Park City, Utah Single-Family Home Sales On The Rise
January 25, 2010 (Park City) - According to the Park City Board of REALTORS® more than $858 million in real estate transactions changed hands in the greater Park City area during 2009
The total sales volume includes condominiums, single family homes and land. In 2008, total sales exceeded $1.03 billion, which is a 16.9 percent decrease in the volume sold in 2009.
“In spite of two difficult economic years, Park City’s economy remains resilient," said Mark Seltenrich, president of the Park City Board of REALTORS®. Compared to all other Rocky Mountain ski destinations, Park City has fared better than our neighbors in Colorado, Wyoming and other resort towns. “For example, in Vail, Colo., REALTORS® reported that 2009 real estate sales were down nearly 60 percent compared to 2008, while Park City was down only about 17 percent."
Sales of single-family homes were the strongest part of the market in 2009, with sales of homes in the greater Park City area in 2009 surpassing the levels of 2008. “This is due in large part to homes becoming more affordable and the desirability of Park City as a place to live and raise a family," Seltenrich added.
Sales of Single-Family Homes
The number of single-family homes sold in the greater Park City area totaled 507 transactions in 2009, a 1.8 percent increase compared to 498 sales in 2008. Sales in Park City limits were up 7.4 percent in 2009 compared to the previous year. The Snyderville Basin saw its sales decline 13.9 percent. Sales in the Heber Valley climbed 18.1 percent and sales of single-family homes in the Kamas Valley increased 29.0 percent compared to 2008.
Median Price of Single-Family Homes
The median price of single-family homes sold within Park City limits during 2009 fell to $1.4 million, a 23 percent decrease compared to $1.8 million in 2008. The Snyderville Basin saw home prices fall to $670,000, down 4.3 percent compared to $700,000 a year earlier. The Heber Valley saw home prices fall 12 percent to $307,500 down from $350,000 in 2008. In the Kamas Valley, the median price of a single-family home in 2009 was down 25 percent at $270,000 compared to $360,000 a year ago.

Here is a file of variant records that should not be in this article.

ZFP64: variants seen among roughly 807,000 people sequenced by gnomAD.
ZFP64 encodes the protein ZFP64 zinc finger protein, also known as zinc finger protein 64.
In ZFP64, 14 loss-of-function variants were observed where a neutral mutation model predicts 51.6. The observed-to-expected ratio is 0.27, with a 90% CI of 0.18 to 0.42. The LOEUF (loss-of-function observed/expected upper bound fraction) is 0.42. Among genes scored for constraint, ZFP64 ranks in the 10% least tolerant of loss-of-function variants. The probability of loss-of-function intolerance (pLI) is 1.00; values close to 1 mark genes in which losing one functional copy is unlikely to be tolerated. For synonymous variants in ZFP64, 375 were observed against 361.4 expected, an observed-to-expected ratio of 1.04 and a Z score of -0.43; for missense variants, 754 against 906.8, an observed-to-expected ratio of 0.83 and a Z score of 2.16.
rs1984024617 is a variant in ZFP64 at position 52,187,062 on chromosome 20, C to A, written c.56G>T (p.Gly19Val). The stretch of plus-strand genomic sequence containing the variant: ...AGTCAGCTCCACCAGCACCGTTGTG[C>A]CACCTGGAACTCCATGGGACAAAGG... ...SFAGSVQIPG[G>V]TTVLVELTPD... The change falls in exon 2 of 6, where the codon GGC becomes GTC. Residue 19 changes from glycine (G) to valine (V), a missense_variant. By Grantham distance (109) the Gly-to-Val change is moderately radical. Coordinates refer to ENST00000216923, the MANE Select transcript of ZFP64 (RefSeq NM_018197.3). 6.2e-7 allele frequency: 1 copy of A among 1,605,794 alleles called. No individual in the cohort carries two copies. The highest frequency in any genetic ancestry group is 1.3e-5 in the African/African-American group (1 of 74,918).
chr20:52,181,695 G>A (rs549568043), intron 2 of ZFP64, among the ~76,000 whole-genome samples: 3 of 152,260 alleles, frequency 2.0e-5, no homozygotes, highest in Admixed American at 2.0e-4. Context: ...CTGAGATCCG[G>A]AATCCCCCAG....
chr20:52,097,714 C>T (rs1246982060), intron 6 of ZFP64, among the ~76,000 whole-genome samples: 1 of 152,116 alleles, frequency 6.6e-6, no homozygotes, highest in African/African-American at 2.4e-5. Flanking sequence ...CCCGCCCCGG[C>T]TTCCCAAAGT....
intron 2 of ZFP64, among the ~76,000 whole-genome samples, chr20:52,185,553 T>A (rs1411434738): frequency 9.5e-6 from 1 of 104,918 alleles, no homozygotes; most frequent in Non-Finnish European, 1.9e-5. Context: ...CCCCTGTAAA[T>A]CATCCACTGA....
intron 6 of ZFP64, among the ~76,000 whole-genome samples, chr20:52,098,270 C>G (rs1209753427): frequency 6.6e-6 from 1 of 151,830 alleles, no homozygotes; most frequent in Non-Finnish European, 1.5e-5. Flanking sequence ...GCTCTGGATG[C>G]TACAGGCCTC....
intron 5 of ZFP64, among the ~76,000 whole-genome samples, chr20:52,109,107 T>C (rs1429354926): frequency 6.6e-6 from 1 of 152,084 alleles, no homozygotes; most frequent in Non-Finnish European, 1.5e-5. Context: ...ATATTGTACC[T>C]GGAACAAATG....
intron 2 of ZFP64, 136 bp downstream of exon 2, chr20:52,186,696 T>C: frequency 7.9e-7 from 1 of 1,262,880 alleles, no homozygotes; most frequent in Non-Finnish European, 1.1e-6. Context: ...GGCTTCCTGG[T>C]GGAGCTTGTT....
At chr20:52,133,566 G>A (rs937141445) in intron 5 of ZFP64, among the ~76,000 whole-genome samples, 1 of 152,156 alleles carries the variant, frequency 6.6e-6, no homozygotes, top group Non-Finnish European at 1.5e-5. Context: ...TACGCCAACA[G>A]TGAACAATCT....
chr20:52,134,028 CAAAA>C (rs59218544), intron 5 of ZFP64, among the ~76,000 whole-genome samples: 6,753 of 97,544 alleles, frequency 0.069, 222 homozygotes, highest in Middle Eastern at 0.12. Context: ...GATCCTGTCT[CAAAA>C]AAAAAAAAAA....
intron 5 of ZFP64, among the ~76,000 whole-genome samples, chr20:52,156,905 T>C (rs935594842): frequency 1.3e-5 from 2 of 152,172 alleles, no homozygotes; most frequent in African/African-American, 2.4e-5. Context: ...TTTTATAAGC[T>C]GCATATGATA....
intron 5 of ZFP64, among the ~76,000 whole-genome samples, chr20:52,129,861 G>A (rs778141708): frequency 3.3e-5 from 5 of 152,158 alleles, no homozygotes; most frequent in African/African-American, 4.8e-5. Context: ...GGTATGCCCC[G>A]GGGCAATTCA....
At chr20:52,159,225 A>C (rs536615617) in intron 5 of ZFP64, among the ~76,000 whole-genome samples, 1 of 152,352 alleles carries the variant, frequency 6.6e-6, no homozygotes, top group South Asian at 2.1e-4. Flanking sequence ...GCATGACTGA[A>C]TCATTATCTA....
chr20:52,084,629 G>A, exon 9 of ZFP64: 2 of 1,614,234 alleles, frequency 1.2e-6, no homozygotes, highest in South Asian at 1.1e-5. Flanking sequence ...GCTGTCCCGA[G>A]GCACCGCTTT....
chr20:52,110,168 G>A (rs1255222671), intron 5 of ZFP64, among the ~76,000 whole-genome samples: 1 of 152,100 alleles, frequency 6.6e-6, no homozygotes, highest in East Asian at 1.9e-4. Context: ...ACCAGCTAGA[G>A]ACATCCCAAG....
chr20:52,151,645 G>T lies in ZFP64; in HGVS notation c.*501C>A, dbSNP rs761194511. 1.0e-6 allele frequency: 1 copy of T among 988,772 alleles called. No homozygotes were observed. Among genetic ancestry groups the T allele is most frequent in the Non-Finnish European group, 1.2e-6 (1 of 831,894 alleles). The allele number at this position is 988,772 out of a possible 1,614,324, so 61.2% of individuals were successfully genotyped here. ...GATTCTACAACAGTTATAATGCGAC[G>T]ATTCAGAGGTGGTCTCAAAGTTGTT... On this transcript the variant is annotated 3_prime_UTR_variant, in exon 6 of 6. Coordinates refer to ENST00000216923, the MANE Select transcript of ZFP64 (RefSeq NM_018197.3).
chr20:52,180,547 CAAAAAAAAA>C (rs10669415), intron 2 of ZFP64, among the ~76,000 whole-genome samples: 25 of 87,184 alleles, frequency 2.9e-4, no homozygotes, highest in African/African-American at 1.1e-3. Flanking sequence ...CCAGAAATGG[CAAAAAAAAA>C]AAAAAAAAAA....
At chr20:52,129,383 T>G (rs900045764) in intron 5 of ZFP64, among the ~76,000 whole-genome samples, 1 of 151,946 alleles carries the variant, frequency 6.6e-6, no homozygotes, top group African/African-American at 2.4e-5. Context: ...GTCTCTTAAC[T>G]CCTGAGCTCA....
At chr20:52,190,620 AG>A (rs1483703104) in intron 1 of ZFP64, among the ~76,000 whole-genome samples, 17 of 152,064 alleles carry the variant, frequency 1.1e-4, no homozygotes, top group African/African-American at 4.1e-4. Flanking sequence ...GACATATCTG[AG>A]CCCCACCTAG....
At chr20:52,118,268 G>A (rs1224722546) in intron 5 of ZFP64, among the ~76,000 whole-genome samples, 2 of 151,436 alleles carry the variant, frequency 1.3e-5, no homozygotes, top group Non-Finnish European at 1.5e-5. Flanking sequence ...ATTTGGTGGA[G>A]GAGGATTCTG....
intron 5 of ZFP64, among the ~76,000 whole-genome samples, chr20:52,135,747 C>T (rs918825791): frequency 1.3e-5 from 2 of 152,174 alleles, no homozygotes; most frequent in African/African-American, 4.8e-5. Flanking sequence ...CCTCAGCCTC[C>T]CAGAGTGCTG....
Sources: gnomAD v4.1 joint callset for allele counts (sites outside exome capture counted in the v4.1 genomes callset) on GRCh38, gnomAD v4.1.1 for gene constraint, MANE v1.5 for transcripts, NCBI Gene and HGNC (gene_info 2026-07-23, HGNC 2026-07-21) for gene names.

Sales of Condominiums
The number of condominium sales in the greater Park City area fell to 390 transactions in 2009, down 19.8 percent compared to 486 sales in 2008. Within Park City limits sales fell 28.2 percent. In the Snyderville Basin sales were off 16.3 percent. In the Heber Valley sales were up 40 percent.
Median Price of Condominiums
Prices of condos in Park City limits fell 10 percent to $745,000, down from $825,000 a year earlier. In the Snyderville Basin, the median price of condos sold in 2009 was down 24 percent at $327,000 compared to $430,000 a year ago.
Vacant land sales were down 44 percent in the greater Park City area. In Park City limits, the median price of land in 2009 was $725,000, down 21 percent compared to a median price of $917,500 in 2008. In the Heber Valley, the median price of vacant land was $275,000, down 27 percent compared to $375,000 in 2008. In the Kamas Valley, median land prices were down 7.5 percent at $236,000 compared to $255,000 a year ago.
“As prices have come down and properties have become more affordable, more properties in the lower part of the price range have sold, thus lowering the median prices," Seltenrich said. “Sales of higher priced properties have taken place, but at levels below what we have seen in recent years."
Seltenrich said that inventory levels have remained fairly stable since the beginning of the year, but have recently started to decline. This is due to some sellers having taken their properties off the market because they are unwilling to sell at today’s lower prices. As inventory levels decline, eventually prices will start to rise, and these
sellers may reenter the market.
Buyers continue to be very price sensitive, and are looking for the best deal. Looking forward, distressed sales (mostly short sales and foreclosures) will continue to hold prices down for the first part of the year.
“Park City remains one of North America’s premier ski destinations and continues to have the best public education system in the state," Seltenrich said. “The factors that make Park City a great place to live and recreate remain. There will always be demand to own here." With prices lower than they have been in many years, buyers will see the value and continue to invest in the community.
Seltenrich stressed that all real estate is unique, so to find out what the value of any particular property is, one should talk with their local Park City REALTOR®.
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